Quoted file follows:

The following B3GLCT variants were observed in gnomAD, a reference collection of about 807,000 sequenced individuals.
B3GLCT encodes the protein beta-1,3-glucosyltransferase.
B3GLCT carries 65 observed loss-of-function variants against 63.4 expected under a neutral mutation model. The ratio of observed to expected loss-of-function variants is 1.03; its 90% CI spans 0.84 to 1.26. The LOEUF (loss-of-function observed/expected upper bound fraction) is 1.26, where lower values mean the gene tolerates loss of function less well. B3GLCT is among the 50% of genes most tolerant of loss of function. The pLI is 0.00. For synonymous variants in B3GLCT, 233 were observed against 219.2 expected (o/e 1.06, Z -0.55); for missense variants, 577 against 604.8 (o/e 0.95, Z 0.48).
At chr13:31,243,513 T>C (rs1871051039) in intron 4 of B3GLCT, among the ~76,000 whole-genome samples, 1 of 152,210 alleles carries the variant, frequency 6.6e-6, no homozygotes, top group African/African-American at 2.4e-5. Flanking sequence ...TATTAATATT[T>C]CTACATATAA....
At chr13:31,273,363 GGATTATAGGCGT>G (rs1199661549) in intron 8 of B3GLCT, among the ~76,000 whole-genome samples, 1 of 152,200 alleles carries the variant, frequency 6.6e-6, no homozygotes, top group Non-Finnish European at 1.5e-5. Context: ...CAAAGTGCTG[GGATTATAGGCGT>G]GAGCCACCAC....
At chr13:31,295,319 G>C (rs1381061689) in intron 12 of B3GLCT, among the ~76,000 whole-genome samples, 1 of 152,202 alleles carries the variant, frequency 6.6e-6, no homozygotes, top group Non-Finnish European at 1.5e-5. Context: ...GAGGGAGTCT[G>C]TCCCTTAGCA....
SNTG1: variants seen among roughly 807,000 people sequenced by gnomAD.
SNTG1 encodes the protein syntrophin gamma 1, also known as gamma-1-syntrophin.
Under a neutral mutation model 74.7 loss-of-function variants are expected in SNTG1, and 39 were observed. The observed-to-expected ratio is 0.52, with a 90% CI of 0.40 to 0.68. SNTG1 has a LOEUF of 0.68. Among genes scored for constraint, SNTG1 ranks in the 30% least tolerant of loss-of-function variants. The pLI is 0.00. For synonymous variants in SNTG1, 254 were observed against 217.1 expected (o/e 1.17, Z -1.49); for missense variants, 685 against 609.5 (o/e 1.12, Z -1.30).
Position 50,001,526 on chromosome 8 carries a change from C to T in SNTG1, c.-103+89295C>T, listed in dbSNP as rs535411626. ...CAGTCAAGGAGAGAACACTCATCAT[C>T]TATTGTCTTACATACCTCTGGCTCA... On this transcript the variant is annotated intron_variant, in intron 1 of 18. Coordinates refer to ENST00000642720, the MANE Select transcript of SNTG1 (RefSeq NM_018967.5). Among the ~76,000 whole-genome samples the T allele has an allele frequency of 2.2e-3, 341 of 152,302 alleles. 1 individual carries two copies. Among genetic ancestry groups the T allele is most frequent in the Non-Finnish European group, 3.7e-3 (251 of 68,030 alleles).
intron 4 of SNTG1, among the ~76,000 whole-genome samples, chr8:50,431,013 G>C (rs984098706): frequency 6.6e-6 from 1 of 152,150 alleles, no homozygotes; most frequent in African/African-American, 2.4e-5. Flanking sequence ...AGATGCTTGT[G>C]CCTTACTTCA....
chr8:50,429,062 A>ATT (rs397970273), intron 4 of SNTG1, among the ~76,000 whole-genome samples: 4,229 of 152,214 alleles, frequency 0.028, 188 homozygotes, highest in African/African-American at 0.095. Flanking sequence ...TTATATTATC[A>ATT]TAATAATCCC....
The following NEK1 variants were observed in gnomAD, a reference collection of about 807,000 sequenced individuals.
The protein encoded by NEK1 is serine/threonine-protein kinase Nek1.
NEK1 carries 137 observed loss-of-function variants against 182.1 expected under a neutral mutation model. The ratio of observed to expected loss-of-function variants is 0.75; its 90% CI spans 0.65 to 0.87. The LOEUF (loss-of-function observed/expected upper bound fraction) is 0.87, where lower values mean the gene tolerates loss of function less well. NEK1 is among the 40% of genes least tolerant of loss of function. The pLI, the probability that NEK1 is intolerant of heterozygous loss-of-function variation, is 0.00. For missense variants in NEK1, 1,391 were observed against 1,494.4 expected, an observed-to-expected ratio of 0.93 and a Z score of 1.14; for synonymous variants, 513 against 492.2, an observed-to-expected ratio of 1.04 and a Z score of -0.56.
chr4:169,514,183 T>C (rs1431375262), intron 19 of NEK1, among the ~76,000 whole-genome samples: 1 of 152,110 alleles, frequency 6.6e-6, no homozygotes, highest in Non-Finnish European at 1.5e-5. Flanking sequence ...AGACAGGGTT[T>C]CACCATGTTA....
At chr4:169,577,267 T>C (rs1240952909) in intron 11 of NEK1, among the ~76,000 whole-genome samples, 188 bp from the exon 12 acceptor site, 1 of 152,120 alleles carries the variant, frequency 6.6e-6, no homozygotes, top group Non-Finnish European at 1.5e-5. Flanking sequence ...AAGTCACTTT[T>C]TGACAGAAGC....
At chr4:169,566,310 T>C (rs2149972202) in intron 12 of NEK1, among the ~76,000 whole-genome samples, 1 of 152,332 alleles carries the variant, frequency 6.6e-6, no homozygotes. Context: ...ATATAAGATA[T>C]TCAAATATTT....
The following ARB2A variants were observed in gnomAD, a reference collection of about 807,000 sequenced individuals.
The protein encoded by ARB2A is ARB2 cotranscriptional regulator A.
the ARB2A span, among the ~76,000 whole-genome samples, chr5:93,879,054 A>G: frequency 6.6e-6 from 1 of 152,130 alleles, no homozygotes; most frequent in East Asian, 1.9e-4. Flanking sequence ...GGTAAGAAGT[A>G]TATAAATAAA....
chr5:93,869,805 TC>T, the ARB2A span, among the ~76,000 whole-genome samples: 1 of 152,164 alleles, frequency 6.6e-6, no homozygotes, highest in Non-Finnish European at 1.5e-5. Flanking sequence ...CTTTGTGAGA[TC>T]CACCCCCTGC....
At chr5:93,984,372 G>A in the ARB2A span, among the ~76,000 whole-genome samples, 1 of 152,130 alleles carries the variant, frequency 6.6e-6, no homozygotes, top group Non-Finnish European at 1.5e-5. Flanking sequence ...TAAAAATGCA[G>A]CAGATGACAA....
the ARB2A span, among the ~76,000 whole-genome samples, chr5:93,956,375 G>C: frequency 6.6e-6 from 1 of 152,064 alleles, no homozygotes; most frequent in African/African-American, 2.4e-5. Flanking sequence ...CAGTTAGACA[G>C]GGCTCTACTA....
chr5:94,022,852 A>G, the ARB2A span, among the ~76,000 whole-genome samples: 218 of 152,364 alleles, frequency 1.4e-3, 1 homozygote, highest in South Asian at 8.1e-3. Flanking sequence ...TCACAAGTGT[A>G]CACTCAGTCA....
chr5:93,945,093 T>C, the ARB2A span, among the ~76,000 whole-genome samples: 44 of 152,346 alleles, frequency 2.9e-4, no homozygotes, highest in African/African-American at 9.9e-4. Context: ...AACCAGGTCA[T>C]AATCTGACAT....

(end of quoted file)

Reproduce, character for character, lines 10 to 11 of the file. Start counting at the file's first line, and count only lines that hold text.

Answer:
Position 50,001,526 on chromosome 8 carries a change from C to T in SNTG1, c.-103+89295C>T, listed in dbSNP as rs535411626. ...CAGTCAAGGAGAGAACACTCATCAT[C>T]TATTGTCTTACATACCTCTGGCTCA... On this transcript the variant is annotated intron_variant, in intron 1 of 18. Coordinates refer to ENST00000642720, the MANE Select transcript of SNTG1 (RefSeq NM_018967.5). Among the ~76,000 whole-genome samples the T allele has an allele frequency of 2.2e-3, 341 of 152,302 alleles. 1 individual carries two copies. Among genetic ancestry groups the T allele is most frequent in the Non-Finnish European group, 3.7e-3 (251 of 68,030 alleles).
intron 4 of SNTG1, among the ~76,000 whole-genome samples, chr8:50,431,013 G>C (rs984098706): frequency 6.6e-6 from 1 of 152,150 alleles, no homozygotes; most frequent in African/African-American, 2.4e-5. Flanking sequence ...AGATGCTTGT[G>C]CCTTACTTCA....